I got some filtered water, and used the first cup of that to wash out the measuring cup from having the concentrate in it. After adding two cups of water, it tasted perfect (to me, that is–I don’t like juice very concentrated–you might want to taste it after adding one cup of water, and go from there!), and so as a leftover, I now had 3 cups of apple cranberry juice, too!

So, back to the dried cranberries. They were not quite dry enough the next morning, so let them go further, until early afternoon, and then finally stopped them.

So this was after roughly 18 hours or so of drying at 110F, so I’m thinking at 150F in the oven would take less time, perhaps just overnight. Even so, some of the berries had a little plumpness to them, so I’ll store them in the fridge instead of at room temperature. I’m sure Sherman will eat them up fast enough ๐Ÿ˜‰ They are not quite as sweet as the store-bought ones, but probably more sweet than they would have been otherwise.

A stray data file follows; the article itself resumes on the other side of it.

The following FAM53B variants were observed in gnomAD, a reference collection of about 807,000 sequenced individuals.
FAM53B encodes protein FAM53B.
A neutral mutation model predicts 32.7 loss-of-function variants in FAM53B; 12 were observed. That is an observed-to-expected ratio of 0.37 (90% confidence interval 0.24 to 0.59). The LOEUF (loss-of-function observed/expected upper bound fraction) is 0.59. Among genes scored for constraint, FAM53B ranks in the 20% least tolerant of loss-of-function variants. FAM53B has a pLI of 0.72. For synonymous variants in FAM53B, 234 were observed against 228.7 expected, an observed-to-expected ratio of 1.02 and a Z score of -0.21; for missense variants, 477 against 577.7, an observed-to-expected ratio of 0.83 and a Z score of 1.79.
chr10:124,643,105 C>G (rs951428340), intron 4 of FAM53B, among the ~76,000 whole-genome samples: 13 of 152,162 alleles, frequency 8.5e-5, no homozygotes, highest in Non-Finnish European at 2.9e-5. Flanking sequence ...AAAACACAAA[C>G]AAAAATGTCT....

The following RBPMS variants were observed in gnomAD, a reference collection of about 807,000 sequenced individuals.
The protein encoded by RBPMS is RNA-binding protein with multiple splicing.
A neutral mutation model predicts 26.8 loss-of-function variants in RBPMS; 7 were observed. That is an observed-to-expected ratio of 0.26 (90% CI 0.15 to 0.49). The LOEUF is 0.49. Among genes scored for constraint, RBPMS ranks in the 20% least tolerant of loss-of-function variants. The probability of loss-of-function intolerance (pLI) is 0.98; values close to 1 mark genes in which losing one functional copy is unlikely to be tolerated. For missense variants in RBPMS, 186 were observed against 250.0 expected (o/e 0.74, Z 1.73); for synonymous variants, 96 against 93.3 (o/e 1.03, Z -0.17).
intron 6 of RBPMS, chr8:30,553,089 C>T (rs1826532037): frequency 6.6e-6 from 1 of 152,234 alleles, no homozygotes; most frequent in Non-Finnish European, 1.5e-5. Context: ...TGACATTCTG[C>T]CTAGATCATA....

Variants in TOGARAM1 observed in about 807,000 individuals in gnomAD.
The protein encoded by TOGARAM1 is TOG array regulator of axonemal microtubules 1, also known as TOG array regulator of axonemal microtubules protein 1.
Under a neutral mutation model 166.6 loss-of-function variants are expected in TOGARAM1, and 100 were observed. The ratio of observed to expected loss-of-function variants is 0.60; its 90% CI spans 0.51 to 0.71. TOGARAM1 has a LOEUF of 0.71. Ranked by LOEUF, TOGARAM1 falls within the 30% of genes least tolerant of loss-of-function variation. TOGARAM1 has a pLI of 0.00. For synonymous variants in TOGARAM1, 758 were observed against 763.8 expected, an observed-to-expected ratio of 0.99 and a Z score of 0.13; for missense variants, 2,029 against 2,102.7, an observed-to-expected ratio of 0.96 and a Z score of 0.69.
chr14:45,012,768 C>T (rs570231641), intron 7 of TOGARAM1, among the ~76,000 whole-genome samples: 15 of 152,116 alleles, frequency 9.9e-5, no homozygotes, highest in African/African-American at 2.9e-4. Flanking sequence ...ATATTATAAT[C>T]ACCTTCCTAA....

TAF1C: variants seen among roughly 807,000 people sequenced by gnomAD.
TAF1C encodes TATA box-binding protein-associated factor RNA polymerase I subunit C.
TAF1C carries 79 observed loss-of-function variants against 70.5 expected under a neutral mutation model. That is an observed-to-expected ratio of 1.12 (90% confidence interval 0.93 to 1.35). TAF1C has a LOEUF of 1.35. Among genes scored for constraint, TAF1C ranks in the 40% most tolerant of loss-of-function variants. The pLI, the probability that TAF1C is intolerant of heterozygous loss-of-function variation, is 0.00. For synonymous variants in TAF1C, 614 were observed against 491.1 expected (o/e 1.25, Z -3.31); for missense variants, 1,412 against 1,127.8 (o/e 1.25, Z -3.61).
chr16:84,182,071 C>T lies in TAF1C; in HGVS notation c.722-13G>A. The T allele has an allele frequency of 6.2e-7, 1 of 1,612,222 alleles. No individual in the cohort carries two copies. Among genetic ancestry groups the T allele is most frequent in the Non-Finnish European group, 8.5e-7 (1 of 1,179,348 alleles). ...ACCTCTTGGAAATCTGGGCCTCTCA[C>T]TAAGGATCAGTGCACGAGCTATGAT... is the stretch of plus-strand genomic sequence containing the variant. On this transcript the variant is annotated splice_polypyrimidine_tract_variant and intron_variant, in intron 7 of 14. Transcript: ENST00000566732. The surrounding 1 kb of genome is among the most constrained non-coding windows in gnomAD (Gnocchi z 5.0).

Whoa….Breast Cancer is a booming industry!

โ€Watch

I saw a trailer for this documentary done in Canada on breast cancer and how it has become commercialized, basically–raising money for possibly profit rather than research, and it is very very disturbing. I read on the website that the movie should start touring the US in early Spring, and opened up in Canada this past weekend. I want to see it.

For some reason, the graphic above does NOT show up–it’s supposed to be a square sidebar image for the film, but instead, it just shows up with a ‘”Watch’ but I bet if you click on it, it will take you to the trailer, just the same!

Sample gallery of some HBC labels

This is really a test to see how these labels display, as I am still playing with WordPress!

Not all Tahinis are created equal…